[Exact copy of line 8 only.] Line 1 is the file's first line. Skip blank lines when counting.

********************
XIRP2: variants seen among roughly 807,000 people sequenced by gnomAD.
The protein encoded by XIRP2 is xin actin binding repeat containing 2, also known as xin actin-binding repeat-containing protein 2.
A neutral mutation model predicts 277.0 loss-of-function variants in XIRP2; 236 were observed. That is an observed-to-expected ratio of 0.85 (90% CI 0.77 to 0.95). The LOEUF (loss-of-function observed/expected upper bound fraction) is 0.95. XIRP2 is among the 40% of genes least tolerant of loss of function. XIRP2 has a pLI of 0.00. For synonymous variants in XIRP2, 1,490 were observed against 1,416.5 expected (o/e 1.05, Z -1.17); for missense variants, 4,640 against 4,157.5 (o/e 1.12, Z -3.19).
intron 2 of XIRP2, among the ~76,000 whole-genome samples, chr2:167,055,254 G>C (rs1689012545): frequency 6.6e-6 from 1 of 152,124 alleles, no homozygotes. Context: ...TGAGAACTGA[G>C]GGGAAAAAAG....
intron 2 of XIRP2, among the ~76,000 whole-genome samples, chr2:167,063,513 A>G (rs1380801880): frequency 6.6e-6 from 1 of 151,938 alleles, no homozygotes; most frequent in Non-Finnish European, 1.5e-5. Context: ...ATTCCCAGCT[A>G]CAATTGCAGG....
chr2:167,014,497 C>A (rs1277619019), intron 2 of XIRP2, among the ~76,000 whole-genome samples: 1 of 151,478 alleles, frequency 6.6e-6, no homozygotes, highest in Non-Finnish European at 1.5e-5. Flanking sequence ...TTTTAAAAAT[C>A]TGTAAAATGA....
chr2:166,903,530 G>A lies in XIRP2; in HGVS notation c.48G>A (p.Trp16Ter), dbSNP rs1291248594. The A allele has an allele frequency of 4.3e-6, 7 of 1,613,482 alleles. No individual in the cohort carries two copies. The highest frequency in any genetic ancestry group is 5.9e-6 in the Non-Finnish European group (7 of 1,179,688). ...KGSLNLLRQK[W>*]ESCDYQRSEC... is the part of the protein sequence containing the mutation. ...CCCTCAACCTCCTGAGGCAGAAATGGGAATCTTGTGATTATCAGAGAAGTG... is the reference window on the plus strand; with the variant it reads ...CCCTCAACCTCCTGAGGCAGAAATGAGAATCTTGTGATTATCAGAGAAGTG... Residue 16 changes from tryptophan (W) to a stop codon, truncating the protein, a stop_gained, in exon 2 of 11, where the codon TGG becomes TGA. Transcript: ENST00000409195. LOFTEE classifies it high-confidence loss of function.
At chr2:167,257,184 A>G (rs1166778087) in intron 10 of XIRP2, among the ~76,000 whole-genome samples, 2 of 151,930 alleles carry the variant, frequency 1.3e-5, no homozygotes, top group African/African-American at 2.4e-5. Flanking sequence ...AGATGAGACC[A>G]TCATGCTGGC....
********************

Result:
At chr2:167,257,184 A>G (rs1166778087) in intron 10 of XIRP2, among the ~76,000 whole-genome samples, 2 of 151,930 alleles carry the variant, frequency 1.3e-5, no homozygotes, top group African/African-American at 2.4e-5. Flanking sequence ...AGATGAGACC[A>G]TCATGCTGGC....